DANNY DEVITO has always been highly professional in front of the camera, but The War of the Roses (8pm Sky Cinema) reveals that he can be equally potent behind it. In DeVito's delicious directorial outing, which is adapted from the novel by Warren Adler, Michael Douglas and Kathleen Turner (right) shine as a well-to-do couple who, after 17 years of marriage, fall out of love. Their ensuing divorce battle, in which they proceed to trash their glitzy mansion, not to mention the beloved pet dog, makes for hugely entertaining viewing. DeVito co- stars as the lawyer trying to make the warring pair see sense. This film provides a neat twist on the cutesy affair between Douglas and Turner in Romancing the Stone and The Jewel of the Nile, big box-office movies which also featured DeVito in a comic counterpoint role.
BECAUSE OF his delightful turn as Sir Humphrey in the sitcoms Yes Minister and Yes, Prime Minster, Nigel Hawthorne has long enjoyed domestic recognition. But at a relatively late age, thanks to his stand-out performance in the title role of The Madness of King George (8pm FilmFour), he became an international film star. In this Bafta- winning film from Nicholas Hytner (due to take over the reins from Trevor Nunn at the National Theatre in London next year), Hawthorne is deeply moving as the monarch whose grip on sanity slowly starts to slip. Alan Bennett, who adapted it from his own stage-play, The Madness of George III (the title was allegedly changed so that American film-goers wouldn't think it was a sequel), deservedly picked up an Oscar for his poignant screenplay.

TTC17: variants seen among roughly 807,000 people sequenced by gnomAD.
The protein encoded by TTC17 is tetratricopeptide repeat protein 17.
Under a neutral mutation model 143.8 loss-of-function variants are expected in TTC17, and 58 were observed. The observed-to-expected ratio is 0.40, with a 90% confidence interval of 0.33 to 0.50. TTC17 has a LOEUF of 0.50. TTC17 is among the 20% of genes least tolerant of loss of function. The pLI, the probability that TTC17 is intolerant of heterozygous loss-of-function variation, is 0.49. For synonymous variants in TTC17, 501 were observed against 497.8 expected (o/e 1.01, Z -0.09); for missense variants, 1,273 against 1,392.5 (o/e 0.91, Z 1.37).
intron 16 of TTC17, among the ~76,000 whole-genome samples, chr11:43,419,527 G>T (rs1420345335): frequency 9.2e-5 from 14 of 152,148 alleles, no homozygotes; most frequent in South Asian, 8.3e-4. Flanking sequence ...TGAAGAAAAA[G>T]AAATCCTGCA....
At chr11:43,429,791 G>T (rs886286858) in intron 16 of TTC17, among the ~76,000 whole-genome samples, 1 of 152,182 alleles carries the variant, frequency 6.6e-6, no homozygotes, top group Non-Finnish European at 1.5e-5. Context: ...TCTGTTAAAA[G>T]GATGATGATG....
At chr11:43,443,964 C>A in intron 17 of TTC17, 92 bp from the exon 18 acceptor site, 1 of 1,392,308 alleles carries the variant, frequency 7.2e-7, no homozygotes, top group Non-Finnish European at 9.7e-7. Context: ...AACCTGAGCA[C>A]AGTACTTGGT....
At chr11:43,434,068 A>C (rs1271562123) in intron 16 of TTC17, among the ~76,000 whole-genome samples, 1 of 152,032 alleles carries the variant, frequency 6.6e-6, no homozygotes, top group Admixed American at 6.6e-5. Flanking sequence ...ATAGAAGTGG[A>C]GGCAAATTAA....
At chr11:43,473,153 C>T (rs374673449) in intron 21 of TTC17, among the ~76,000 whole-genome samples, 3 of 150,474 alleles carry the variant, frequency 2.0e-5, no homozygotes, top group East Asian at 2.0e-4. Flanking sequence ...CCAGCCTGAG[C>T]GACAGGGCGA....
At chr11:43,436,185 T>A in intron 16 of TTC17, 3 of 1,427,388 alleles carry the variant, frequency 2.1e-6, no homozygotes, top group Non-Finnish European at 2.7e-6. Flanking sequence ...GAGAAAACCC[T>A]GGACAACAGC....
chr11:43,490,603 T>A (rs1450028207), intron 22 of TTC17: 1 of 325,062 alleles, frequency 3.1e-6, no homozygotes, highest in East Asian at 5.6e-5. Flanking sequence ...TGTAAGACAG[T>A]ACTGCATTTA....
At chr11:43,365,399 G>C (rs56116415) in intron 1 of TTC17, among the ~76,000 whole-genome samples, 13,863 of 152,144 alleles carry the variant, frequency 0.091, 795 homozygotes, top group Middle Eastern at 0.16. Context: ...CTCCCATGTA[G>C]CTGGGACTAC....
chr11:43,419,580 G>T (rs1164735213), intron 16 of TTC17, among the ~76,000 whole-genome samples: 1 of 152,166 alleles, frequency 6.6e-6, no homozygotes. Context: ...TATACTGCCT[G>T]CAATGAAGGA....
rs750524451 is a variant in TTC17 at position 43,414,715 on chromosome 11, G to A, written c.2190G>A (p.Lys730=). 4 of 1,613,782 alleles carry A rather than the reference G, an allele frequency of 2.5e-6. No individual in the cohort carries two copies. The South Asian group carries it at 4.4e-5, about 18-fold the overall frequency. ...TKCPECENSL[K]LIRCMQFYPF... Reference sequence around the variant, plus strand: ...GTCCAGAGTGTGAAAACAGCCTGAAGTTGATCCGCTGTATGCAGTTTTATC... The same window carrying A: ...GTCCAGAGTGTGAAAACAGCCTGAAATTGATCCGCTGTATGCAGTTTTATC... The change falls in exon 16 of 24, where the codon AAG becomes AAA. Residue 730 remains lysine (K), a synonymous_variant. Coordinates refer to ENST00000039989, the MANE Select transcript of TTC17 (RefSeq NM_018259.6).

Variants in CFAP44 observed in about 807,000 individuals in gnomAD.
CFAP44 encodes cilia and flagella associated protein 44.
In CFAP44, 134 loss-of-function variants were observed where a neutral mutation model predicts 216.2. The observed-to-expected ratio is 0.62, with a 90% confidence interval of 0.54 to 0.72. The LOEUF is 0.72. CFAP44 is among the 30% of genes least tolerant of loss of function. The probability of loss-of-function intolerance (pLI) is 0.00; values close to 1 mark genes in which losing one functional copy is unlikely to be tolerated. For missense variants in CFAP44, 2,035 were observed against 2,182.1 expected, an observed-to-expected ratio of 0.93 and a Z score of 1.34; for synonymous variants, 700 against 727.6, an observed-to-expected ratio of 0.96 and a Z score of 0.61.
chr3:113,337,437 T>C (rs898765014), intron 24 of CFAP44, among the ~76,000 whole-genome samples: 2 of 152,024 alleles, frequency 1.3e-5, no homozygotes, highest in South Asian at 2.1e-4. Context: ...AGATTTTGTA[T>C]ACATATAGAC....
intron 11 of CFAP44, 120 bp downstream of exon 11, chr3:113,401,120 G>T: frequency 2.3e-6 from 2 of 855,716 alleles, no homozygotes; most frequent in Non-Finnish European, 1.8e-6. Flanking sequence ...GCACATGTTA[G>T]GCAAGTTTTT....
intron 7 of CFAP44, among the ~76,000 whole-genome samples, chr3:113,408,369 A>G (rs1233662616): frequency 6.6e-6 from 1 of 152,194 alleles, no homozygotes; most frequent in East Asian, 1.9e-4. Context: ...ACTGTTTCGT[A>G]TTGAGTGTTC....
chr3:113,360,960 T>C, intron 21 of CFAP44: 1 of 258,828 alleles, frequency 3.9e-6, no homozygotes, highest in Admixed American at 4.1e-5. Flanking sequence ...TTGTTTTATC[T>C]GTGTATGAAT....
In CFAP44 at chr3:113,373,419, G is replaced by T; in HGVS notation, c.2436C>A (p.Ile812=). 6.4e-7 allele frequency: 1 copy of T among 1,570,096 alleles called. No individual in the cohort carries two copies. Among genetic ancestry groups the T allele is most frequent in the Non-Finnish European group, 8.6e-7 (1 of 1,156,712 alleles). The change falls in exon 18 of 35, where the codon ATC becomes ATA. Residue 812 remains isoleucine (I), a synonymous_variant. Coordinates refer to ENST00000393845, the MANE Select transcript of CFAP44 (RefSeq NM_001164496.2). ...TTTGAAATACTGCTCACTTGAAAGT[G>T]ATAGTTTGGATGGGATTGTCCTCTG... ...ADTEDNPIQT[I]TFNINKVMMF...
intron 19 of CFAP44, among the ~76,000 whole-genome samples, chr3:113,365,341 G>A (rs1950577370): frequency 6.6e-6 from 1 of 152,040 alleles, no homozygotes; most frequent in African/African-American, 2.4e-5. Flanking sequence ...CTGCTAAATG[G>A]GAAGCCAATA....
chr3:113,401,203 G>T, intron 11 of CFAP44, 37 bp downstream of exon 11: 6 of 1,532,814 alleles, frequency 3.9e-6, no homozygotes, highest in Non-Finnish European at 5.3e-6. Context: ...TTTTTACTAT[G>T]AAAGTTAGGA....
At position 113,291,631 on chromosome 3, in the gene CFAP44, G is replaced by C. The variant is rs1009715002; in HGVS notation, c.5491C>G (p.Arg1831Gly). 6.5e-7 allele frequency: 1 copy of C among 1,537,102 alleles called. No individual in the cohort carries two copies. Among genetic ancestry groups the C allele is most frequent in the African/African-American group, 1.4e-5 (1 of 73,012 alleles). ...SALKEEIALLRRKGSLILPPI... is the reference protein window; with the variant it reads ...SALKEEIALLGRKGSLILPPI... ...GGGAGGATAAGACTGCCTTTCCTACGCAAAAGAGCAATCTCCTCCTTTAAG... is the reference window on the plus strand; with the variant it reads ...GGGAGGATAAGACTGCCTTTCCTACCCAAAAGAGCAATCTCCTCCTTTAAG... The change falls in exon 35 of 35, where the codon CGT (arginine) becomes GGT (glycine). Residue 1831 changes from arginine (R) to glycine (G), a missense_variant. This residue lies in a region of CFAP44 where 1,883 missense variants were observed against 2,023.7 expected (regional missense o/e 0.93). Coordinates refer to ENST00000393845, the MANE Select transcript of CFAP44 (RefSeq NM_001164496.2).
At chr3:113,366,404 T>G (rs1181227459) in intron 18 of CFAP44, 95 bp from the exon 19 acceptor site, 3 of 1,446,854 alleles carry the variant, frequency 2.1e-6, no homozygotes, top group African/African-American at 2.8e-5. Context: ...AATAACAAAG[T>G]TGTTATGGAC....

AL PACINO has always been associated with difficult roles in dark, brooding films, such as Heat, Donnie Brasco and, legendarily, The Godfather. But Frankie & Johnny (12.05am Sky Cinema) gave him the opportunity to try his hand at a lighter part. This touching romantic drama, directed by Pretty Woman's Garry Marshall, is taken from Terence McNally's play, Frankie and Johnny in the Clair de Lune. Pacino stars as Johnny, a drifting short-order cook who falls for dowdy Frankie (Michelle Pfeiffer), a waitress at the restaurant where he works. Both leads are good - though it's a stretch to believe that Pfeiffer is unglamorous - but the best moments probably come from the supporting roles, such as Hector Elizondo's Greek cafe owner, and Nathan Lane as Pfeiffer's neighbour.
THOSE WITH herpetophobia should look away now. Crocodile Chronicles (9.30pm National Geographic Channel), a new series starting tonight, follows reptile-fancier Dr Brady Barr as he attempts to track down some of the world's most ferocious predators. In the first episode, he tries to locate the killer croc of Mondonguillo. This awesome beast, which has struck terror into the hearts of the locals and has already killed one tourist, is proving fiendishly elusive. Barr makes it his mission to find it.
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